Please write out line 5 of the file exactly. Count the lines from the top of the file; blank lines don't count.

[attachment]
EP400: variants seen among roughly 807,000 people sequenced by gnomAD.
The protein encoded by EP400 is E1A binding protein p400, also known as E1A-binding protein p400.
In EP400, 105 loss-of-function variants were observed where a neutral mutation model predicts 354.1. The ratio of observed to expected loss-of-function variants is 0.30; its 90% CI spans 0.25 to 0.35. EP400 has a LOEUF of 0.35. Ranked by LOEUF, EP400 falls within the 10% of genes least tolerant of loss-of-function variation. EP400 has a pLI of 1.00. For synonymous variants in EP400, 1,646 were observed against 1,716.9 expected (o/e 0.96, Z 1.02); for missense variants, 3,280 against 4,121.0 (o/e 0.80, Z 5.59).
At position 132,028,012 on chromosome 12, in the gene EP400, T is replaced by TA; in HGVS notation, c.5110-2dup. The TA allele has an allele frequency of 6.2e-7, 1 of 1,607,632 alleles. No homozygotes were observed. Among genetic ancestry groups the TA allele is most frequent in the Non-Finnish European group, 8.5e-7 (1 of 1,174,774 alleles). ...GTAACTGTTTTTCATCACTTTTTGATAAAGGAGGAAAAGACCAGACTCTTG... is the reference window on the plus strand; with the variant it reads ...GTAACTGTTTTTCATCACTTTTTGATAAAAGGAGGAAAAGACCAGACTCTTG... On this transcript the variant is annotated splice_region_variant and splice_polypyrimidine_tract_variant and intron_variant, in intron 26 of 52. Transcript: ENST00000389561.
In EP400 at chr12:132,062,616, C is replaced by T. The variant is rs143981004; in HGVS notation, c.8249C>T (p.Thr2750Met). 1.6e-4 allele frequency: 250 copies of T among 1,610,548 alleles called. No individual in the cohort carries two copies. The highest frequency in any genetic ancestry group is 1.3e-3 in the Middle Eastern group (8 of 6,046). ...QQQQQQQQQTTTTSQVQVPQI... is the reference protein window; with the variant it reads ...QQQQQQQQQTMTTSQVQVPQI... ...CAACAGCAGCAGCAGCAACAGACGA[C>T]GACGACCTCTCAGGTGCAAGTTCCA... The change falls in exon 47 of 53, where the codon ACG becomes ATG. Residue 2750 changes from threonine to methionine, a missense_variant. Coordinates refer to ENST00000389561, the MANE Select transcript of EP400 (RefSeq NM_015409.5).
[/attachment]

In EP400 at chr12:132,062,616, C is replaced by T. The variant is rs143981004; in HGVS notation, c.8249C>T (p.Thr2750Met). 1.6e-4 allele frequency: 250 copies of T among 1,610,548 alleles called. No individual in the cohort carries two copies. The highest frequency in any genetic ancestry group is 1.3e-3 in the Middle Eastern group (8 of 6,046). ...QQQQQQQQQTTTTSQVQVPQI... is the reference protein window; with the variant it reads ...QQQQQQQQQTMTTSQVQVPQI... ...CAACAGCAGCAGCAGCAACAGACGA[C>T]GACGACCTCTCAGGTGCAAGTTCCA... The change falls in exon 47 of 53, where the codon ACG becomes ATG. Residue 2750 changes from threonine to methionine, a missense_variant. Coordinates refer to ENST00000389561, the MANE Select transcript of EP400 (RefSeq NM_015409.5).